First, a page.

OCZ Vertex 4 SSD review
Anvil's Storage Utilities
Anvil’s Storage Utilities
As well as performing SSD endurance tests. Anvil’s Storage Utilities has a very nice SSD benchmarking application. The SSD benchmark tests many different aspects of SSD performance, including 4K random at different queue depths, and also sequential performance, but more importantly than this, all using real test data.
Another very nice feature of Anvil’s SSD benchmark is the fact that you can change the compression levels of the test data. The compression levels of the data sets used for the tests can be varied from 0% compression right up to 100% compressed data, and there are even a few data profiles already included, such as database (8%) compression, and also an application profile (46%) compression, which is designed to simulate real application data being read and written to the SSD.
Anvil’s Storage Utilities is still in beta at the moment, but the application is currently solid enough to use in this article, and I have already verified the results obtained using an SATA analyser.
I will include a screenshot of the review drive, and all comparison results will be presented in the form of graphs. If you would like to see screenshots of the test results obtained on the other SSDs in this article, you can do so by following the link here.
I will also be testing three different compression profiles, which are as follows.
- 0 fill (100% compressible data)
- Application simulation profile (46% compressed)
- 100% (non compressible data)
So let’s begin the tests.
OCZ Vertex 4 512GB (0 fill)
With a total score of 4826.72, the OCZ Vertex 4 is way out in front, with particularly strong writing performance.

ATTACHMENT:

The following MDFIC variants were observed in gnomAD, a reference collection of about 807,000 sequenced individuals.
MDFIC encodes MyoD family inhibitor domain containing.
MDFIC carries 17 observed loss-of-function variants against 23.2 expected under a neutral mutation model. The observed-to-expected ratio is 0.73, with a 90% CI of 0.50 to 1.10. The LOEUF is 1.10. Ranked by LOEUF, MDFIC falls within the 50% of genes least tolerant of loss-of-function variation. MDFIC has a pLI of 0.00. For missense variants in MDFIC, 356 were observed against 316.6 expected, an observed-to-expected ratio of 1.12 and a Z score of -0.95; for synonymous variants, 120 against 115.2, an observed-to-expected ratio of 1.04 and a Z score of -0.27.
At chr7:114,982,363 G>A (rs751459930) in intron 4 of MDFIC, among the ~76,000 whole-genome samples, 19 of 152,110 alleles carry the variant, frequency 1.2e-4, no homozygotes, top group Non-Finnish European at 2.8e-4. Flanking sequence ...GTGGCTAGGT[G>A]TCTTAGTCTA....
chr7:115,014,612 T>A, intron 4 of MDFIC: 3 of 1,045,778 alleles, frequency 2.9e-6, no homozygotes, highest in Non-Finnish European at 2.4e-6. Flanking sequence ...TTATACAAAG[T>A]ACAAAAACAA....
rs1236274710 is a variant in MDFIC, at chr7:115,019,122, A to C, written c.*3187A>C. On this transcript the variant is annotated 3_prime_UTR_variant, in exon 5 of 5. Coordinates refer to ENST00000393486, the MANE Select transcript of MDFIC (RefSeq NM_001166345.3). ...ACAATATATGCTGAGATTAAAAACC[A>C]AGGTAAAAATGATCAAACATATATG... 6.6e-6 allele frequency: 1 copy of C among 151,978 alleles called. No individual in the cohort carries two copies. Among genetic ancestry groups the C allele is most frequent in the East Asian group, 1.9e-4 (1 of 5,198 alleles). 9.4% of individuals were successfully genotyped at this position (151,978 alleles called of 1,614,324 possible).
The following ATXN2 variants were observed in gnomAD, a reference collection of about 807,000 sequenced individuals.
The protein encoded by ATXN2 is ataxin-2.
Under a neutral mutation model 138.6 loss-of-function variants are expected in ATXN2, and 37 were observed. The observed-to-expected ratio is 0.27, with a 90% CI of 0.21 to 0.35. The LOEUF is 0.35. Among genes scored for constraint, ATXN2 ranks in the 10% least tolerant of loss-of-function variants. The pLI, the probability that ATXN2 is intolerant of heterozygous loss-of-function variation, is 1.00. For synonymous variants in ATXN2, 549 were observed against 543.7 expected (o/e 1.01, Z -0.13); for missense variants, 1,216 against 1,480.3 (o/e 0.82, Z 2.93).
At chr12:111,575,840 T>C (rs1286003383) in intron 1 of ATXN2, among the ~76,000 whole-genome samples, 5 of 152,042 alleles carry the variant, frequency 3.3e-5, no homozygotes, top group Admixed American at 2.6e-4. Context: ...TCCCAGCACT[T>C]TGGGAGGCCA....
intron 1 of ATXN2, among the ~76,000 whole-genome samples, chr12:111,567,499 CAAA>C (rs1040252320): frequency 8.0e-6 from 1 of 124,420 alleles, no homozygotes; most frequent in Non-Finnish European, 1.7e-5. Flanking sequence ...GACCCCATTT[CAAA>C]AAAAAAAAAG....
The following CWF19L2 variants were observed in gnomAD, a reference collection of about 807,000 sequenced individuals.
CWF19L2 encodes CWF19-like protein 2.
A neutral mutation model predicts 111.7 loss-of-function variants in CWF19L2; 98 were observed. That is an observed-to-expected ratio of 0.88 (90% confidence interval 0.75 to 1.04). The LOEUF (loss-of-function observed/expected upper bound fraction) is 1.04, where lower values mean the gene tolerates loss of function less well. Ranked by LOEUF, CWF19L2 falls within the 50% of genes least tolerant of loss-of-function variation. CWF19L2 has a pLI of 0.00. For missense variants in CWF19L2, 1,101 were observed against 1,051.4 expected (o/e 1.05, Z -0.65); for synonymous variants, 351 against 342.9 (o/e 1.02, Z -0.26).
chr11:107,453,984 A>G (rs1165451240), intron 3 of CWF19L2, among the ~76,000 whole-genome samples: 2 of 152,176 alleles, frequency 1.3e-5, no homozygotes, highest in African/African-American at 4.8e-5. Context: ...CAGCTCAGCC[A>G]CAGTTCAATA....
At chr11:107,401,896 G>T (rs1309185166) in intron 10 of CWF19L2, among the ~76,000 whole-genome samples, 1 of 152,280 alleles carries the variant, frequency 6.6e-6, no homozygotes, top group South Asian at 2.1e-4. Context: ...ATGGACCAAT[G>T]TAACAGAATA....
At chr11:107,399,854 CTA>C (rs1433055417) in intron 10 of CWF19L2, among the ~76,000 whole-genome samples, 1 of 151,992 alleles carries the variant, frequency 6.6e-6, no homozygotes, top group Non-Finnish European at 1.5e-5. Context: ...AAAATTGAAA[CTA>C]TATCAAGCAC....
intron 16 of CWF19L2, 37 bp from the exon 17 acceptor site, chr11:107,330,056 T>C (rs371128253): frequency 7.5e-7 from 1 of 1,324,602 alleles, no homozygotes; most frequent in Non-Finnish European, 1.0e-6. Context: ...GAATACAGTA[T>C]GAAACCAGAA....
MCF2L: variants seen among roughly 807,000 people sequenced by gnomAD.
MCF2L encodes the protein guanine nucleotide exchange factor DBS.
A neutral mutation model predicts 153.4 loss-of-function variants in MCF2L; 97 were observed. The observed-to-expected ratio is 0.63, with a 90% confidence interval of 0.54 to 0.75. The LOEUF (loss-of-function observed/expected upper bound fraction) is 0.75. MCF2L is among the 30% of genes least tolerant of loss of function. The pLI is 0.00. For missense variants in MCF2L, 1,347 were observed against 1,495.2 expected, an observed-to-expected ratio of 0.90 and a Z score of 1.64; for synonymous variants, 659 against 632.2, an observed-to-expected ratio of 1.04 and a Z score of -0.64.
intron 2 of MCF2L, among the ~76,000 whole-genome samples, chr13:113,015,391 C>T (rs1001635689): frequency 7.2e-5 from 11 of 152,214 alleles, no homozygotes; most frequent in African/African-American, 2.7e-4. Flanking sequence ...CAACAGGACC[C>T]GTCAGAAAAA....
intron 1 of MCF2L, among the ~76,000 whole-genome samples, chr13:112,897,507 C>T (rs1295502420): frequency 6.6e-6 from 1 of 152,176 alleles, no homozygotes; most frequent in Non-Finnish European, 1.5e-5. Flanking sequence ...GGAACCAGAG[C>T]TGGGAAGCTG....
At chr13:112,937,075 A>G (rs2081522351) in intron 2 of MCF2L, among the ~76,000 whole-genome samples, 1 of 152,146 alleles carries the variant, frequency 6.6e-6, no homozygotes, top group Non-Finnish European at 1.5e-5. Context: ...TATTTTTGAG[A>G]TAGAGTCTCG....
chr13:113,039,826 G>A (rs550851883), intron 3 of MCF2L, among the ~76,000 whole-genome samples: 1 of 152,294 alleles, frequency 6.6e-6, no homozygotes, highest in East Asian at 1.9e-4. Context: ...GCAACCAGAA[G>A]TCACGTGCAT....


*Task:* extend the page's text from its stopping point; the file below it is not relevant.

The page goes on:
OCZ Vertex 4 512GB SSD (application profile)
With data that isn’t so easily compressible, the OCZ Vertex 4 pulls out a larger lead over the two SandForce SF-2281 based SSDs, and with a total score of 4859.69, it is a long way ahead of all the other SSDs in this test.
OCZ Vertex 4 512GB SSD (100% incompressible)
For once the Vertex 4 is beaten, and in this case it’s the read score in the 100% incompressible data test. However, the OCZ Vertex 4 is still overall the fastest drive in this test with a total score of 4848.72.
One should keep in mind that although Anvil’s Storage Utilities SSD benchmark is a very good benchmark, and tests many aspects of SSD performance, ultimately it is demonstrating which SSD is technically the fastest, and this may not be showing (for example) which drive will be fastest in the real world with a home user’s work pattern.
The OCZ Vertex 4 has performed extremely well in these tests and is by a large margin the fastest SSD.
Now let’s head to the next page for some real world tests….